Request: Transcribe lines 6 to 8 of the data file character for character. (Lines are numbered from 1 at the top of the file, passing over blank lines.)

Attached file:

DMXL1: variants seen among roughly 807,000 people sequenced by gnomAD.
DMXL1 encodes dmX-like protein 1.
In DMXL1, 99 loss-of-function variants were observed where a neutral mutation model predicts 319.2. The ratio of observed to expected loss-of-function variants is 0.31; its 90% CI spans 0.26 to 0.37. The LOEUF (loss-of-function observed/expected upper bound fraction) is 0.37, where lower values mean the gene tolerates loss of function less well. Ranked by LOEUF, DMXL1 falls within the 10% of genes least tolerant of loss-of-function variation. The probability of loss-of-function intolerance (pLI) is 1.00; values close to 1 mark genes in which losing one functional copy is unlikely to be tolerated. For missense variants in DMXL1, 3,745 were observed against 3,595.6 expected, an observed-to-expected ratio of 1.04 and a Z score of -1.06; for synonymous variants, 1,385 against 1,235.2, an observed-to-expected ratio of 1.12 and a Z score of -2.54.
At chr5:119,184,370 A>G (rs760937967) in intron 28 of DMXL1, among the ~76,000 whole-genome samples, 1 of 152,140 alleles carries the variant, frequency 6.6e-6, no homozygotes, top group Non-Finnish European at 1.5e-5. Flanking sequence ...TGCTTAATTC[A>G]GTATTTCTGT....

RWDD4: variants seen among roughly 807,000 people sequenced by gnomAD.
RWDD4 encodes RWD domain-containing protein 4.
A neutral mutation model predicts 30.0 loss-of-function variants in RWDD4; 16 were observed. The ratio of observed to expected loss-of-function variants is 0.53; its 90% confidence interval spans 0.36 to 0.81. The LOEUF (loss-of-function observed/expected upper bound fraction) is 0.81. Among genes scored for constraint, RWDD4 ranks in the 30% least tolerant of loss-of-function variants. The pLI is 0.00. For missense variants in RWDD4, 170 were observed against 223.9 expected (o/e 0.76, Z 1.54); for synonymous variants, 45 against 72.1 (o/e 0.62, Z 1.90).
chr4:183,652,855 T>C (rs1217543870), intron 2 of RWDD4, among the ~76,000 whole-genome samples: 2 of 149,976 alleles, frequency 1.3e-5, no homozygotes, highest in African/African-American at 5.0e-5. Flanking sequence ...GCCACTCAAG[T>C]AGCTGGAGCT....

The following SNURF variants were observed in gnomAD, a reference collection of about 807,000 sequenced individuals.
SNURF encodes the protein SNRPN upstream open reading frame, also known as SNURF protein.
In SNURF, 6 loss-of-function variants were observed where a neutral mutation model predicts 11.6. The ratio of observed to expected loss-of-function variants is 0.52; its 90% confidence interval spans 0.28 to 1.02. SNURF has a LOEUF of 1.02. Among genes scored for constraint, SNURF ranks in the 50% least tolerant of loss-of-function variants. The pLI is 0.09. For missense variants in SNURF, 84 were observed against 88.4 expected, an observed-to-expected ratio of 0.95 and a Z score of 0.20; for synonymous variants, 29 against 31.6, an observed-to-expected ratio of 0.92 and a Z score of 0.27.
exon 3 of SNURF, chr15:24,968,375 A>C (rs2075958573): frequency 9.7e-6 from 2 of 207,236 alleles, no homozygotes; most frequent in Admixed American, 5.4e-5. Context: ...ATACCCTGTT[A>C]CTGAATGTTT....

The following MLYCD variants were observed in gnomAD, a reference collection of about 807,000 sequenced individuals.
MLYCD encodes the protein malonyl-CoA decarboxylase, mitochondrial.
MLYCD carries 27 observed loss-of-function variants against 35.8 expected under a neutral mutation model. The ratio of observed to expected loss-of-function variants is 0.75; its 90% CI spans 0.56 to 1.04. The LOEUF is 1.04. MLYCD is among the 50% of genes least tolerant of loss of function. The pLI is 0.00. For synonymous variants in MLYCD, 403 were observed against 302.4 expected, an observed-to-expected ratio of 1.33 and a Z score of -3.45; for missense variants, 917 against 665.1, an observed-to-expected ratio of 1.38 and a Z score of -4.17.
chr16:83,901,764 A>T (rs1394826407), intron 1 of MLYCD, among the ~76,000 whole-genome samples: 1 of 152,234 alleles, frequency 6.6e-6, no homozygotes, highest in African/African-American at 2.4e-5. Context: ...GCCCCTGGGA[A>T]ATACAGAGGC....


RWDD4 encodes RWD domain-containing protein 4.
A neutral mutation model predicts 30.0 loss-of-function variants in RWDD4; 16 were observed. The ratio of observed to expected loss-of-function variants is 0.53; its 90% confidence interval spans 0.36 to 0.81. The LOEUF (loss-of-function observed/expected upper bound fraction) is 0.81. Among genes scored for constraint, RWDD4 ranks in the 30% least tolerant of loss-of-function variants. The pLI is 0.00. For missense variants in RWDD4, 170 were observed against 223.9 expected (o/e 0.76, Z 1.54); for synonymous variants, 45 against 72.1 (o/e 0.62, Z 1.90).
chr4:183,652,855 T>C (rs1217543870), intron 2 of RWDD4, among the ~76,000 whole-genome samples: 2 of 149,976 alleles, frequency 1.3e-5, no homozygotes, highest in African/African-American at 5.0e-5. Flanking sequence ...GCCACTCAAG[T>C]AGCTGGAGCT....